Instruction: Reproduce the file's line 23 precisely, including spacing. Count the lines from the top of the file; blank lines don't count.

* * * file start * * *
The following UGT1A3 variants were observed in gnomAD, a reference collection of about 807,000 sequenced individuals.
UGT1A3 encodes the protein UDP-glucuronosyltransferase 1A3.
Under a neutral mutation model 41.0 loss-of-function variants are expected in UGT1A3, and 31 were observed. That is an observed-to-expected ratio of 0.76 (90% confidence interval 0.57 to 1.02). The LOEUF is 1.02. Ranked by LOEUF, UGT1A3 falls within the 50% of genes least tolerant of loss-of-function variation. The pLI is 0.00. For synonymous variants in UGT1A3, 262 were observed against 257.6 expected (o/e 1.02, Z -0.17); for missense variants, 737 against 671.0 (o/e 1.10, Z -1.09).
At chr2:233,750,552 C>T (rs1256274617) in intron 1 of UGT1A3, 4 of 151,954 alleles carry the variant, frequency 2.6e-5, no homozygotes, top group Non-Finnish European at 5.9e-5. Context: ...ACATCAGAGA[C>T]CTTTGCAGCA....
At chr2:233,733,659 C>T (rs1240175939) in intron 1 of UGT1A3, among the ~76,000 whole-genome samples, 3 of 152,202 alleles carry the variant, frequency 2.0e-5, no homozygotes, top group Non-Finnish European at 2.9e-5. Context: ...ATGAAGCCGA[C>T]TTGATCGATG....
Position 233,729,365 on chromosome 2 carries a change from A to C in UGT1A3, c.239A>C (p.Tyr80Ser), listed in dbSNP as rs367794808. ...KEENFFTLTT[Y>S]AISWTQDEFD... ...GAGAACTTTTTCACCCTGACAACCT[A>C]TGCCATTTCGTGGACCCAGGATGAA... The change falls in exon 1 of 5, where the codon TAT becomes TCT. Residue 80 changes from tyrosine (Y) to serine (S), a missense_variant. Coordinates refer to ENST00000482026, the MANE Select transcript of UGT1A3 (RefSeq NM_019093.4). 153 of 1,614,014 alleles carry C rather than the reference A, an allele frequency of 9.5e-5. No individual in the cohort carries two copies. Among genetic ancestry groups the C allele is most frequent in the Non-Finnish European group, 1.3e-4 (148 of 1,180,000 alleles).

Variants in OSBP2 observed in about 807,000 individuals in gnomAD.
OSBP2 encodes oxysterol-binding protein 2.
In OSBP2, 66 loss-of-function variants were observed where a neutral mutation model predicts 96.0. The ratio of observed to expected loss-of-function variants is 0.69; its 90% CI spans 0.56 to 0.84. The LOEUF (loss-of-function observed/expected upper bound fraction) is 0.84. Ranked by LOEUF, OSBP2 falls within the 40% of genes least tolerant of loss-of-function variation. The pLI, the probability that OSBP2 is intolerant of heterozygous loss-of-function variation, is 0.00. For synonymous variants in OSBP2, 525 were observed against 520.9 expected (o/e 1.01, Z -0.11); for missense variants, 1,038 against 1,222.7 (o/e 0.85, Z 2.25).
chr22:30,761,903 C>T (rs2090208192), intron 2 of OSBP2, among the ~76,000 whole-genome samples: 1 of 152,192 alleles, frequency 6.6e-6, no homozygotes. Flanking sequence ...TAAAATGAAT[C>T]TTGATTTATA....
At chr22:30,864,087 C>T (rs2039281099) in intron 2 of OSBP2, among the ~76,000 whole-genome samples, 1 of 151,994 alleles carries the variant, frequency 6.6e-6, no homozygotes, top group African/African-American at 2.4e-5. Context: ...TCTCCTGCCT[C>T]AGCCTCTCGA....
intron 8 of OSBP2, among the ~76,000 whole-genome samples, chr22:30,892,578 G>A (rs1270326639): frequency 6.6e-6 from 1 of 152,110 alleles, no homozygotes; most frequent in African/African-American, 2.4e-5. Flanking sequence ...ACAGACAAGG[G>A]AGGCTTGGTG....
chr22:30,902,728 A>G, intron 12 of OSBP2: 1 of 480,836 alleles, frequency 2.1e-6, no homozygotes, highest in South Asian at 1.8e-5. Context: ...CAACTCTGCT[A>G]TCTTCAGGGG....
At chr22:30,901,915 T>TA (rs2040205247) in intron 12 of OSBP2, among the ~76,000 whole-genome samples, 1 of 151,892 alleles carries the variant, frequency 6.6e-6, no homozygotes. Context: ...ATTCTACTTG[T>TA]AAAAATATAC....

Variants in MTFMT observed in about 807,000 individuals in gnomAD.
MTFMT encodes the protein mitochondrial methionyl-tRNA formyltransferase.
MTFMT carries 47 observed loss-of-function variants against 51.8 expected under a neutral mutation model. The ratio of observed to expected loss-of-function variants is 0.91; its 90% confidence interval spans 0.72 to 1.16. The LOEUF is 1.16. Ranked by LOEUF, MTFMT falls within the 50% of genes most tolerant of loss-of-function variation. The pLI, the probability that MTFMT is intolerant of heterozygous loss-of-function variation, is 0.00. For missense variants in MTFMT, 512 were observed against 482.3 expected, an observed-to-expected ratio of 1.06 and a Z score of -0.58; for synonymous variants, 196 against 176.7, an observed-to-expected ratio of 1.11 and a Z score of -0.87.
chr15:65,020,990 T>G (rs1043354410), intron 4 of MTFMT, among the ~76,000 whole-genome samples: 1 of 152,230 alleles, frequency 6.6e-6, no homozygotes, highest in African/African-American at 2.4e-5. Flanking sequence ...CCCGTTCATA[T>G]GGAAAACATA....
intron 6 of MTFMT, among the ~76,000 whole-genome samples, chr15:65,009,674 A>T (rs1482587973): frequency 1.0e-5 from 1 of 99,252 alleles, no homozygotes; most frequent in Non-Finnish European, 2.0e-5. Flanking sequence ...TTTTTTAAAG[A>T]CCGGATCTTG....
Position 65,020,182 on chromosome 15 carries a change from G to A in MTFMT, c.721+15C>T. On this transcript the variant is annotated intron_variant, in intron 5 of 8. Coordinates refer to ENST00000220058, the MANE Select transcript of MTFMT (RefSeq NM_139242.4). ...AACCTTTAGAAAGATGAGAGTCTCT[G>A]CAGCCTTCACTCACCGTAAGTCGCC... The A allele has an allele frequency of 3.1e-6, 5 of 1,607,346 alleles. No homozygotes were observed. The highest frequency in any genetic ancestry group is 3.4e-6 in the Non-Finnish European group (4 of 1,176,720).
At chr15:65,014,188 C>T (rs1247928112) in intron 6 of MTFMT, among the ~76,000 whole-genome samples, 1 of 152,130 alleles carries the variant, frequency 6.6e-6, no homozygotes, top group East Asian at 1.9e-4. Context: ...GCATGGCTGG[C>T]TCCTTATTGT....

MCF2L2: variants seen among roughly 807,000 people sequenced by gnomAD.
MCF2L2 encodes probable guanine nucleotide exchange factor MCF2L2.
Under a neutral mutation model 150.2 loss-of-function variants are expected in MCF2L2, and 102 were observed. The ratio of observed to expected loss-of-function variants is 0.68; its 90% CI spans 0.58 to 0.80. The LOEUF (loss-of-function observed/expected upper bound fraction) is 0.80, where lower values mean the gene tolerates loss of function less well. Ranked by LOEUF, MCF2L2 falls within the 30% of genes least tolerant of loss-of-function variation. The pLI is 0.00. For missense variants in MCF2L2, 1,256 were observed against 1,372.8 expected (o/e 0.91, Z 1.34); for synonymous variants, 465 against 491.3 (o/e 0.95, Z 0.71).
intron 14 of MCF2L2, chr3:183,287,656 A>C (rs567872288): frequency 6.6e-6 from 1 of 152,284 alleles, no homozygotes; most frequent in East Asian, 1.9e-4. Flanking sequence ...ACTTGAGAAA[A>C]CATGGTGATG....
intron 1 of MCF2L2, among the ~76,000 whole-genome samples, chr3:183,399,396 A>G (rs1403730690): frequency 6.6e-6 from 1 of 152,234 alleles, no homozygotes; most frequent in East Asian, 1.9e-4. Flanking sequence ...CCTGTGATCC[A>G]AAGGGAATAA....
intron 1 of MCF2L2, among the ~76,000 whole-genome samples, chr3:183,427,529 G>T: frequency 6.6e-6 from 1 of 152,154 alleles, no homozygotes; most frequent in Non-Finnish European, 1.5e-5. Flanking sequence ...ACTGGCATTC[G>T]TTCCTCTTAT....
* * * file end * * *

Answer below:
MCF2L2 encodes probable guanine nucleotide exchange factor MCF2L2.